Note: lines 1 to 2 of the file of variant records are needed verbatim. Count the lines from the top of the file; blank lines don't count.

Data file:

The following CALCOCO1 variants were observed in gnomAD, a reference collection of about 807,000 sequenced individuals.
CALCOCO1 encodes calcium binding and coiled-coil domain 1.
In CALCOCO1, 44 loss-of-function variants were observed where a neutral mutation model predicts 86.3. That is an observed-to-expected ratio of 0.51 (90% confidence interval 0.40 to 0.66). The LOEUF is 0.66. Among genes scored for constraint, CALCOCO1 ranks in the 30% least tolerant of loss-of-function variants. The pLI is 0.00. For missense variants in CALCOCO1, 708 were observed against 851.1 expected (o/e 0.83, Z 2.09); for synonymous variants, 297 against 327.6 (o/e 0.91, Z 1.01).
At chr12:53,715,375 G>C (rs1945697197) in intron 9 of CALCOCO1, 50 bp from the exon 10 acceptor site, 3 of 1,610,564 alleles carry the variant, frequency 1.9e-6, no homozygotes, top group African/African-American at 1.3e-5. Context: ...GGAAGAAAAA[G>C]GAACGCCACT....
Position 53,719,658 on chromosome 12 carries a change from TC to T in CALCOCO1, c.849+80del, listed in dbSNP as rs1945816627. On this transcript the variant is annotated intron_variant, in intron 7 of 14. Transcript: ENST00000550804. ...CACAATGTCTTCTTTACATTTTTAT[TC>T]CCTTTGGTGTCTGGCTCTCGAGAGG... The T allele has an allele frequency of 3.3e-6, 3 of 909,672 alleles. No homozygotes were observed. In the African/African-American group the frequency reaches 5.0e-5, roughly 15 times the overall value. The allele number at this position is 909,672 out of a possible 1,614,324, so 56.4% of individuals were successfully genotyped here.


The following CALCOCO1 variants were observed in gnomAD, a reference collection of about 807,000 sequenced individuals.
CALCOCO1 encodes calcium binding and coiled-coil domain 1.